Lent 2015, Day Six—Eusebius (1)

Eusebius of Caesarea (AD 260-340) is known primarily for his Ecclesiastical History.  However, he also produced other lesser known works.  The quotation below is taken from his Demonstratio Evangelica (Demonstration of the Gospel) 10.1.

So it is said: “And the Lord hath laid on him our iniquities, and he bears our sins.” Thus the Lamb of God, that taketh away the sins of the world became a curse on our behalf: “Whom, though he knew no sin, God made sin for our sake, giving him as redemption for all, that we might become the righteousness of God in him.”

. . . .  Being in the likeness of sinful flesh He condemned sin in the flesh . . .  He made our sins His own from His love and benevolence towards us. . . .  And the Lamb of God not only did this, but was chastised on our behalf, and suffered a penalty He did not owe, but which we owed because of the multitude of our sins; and so He became the cause of the forgiveness of our sins, because He received death for us, and transferred to Himself the scourging, the insults, and the dishonour, which were due to us, and drew down on Himself the apportioned curse, being made a curse for us.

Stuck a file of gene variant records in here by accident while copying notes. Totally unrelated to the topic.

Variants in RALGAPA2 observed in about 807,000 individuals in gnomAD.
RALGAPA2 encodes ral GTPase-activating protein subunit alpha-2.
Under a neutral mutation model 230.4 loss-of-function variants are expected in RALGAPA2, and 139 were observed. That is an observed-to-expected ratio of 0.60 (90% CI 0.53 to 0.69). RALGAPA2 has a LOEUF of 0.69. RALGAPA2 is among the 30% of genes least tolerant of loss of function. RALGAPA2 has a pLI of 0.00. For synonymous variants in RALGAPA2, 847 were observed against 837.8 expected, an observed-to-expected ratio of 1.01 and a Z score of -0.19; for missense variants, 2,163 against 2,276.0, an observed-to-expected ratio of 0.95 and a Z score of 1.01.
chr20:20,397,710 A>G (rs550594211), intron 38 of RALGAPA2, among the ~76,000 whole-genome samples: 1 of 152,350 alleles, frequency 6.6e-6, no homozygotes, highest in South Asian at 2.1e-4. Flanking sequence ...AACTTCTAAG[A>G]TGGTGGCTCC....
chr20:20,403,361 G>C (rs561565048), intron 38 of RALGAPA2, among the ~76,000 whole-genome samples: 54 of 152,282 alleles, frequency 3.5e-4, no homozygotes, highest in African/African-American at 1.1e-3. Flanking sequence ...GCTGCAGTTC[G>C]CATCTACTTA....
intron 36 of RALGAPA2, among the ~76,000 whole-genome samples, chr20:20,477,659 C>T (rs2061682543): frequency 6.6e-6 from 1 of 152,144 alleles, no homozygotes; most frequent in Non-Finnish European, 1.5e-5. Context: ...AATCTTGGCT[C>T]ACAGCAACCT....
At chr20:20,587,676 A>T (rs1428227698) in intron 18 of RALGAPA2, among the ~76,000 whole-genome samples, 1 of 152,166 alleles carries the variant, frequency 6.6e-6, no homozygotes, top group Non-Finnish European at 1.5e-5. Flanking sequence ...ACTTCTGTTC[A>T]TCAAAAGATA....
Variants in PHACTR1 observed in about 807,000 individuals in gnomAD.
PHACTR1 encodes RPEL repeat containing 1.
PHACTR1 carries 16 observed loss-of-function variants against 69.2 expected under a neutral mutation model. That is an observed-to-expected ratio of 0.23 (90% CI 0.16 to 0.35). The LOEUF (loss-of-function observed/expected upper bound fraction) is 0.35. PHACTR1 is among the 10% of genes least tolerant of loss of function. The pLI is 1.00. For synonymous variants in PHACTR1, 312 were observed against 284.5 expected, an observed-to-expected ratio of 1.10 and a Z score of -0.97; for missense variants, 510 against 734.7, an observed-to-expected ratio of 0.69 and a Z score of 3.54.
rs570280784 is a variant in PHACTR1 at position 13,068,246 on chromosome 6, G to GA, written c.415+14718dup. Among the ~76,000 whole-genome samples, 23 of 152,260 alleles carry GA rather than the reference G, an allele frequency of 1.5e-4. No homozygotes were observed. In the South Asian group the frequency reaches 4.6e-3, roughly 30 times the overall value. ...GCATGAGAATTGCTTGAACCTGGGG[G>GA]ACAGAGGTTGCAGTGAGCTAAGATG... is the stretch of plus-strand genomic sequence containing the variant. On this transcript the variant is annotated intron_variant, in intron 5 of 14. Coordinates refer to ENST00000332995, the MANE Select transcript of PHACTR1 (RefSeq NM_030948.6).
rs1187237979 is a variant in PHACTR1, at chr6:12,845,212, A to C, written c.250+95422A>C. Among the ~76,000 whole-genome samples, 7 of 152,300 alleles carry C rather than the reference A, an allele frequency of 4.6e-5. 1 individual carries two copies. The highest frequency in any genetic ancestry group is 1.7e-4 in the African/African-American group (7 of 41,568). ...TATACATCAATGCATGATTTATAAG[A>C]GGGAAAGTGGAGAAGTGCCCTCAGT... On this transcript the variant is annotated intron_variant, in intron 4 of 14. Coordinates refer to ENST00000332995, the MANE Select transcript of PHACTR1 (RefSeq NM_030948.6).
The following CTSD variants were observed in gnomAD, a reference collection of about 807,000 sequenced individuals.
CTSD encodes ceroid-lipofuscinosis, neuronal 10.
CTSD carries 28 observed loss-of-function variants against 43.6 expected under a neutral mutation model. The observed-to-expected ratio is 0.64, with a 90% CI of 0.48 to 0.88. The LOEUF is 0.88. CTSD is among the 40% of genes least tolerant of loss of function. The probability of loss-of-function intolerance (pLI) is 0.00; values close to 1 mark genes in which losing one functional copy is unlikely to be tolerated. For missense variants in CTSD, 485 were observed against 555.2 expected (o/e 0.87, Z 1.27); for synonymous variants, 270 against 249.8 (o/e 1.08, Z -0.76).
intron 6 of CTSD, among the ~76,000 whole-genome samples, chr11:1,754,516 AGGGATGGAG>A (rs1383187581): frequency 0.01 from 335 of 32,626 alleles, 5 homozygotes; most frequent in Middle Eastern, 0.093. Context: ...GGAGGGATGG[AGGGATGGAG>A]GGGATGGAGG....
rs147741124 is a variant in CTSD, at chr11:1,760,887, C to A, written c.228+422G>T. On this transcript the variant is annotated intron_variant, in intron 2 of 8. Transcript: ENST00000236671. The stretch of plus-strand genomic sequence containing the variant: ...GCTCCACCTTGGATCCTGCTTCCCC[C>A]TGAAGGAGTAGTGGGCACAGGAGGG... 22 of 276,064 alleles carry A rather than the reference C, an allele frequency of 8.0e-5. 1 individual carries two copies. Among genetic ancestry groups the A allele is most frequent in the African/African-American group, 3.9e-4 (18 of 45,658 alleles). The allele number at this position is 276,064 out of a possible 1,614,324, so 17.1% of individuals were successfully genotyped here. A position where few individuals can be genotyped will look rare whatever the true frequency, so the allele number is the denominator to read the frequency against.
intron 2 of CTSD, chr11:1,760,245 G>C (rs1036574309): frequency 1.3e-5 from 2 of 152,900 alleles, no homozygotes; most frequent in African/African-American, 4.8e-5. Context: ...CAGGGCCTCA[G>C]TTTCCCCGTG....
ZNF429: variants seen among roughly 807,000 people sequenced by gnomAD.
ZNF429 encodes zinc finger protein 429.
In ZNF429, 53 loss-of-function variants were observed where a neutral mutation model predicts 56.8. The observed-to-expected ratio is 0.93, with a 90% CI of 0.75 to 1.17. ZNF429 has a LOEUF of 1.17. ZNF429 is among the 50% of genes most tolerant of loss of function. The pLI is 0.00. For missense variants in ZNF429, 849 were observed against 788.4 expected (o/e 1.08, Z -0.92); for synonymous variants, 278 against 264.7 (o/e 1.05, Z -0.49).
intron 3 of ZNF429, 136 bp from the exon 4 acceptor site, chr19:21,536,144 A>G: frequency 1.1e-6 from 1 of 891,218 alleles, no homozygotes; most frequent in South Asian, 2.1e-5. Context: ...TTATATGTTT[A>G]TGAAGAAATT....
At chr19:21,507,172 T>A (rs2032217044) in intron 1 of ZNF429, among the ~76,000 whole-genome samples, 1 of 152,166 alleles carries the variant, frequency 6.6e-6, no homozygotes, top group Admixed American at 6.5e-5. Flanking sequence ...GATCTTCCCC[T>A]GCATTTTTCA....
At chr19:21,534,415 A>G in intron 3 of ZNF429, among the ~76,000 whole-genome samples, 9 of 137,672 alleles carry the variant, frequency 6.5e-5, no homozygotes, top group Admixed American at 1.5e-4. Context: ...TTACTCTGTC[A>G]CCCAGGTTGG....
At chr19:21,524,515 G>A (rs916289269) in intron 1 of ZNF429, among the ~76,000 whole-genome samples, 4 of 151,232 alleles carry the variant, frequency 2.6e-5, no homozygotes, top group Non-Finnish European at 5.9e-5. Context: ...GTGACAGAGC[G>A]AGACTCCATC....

It is worth pointing out, with regard to this quotation, that at least a couple of different commentators have noted that if one were to attempt to give a definition of Penal Substitutionary Atonement, what Eusebius says here would work quite well—some 1400 years before the Reformers “invented” the doctrine.

Jerry Shepherd
Lent
February 24, 2015

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